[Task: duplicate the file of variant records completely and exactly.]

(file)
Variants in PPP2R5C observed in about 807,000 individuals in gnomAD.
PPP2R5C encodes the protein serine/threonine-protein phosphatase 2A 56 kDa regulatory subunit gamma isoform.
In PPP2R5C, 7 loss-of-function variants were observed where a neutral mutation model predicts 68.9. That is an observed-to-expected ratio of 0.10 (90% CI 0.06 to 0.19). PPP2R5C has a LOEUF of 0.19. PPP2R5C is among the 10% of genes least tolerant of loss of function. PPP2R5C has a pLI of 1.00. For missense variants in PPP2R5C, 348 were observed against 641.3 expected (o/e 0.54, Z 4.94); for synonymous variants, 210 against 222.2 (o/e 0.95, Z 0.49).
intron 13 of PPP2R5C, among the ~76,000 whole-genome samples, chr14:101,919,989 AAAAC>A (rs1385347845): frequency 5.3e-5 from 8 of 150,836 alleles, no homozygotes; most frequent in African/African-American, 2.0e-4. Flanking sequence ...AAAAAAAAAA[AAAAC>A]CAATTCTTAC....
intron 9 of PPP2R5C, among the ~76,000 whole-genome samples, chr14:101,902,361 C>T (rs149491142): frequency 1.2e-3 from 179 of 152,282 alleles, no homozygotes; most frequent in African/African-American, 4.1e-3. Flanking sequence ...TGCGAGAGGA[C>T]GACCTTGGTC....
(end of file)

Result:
Variants in PPP2R5C observed in about 807,000 individuals in gnomAD.
PPP2R5C encodes the protein serine/threonine-protein phosphatase 2A 56 kDa regulatory subunit gamma isoform.
In PPP2R5C, 7 loss-of-function variants were observed where a neutral mutation model predicts 68.9. That is an observed-to-expected ratio of 0.10 (90% CI 0.06 to 0.19). PPP2R5C has a LOEUF of 0.19. PPP2R5C is among the 10% of genes least tolerant of loss of function. PPP2R5C has a pLI of 1.00. For missense variants in PPP2R5C, 348 were observed against 641.3 expected (o/e 0.54, Z 4.94); for synonymous variants, 210 against 222.2 (o/e 0.95, Z 0.49).
intron 13 of PPP2R5C, among the ~76,000 whole-genome samples, chr14:101,919,989 AAAAC>A (rs1385347845): frequency 5.3e-5 from 8 of 150,836 alleles, no homozygotes; most frequent in African/African-American, 2.0e-4. Flanking sequence ...AAAAAAAAAA[AAAAC>A]CAATTCTTAC....
intron 9 of PPP2R5C, among the ~76,000 whole-genome samples, chr14:101,902,361 C>T (rs149491142): frequency 1.2e-3 from 179 of 152,282 alleles, no homozygotes; most frequent in African/African-American, 4.1e-3. Flanking sequence ...TGCGAGAGGA[C>T]GACCTTGGTC....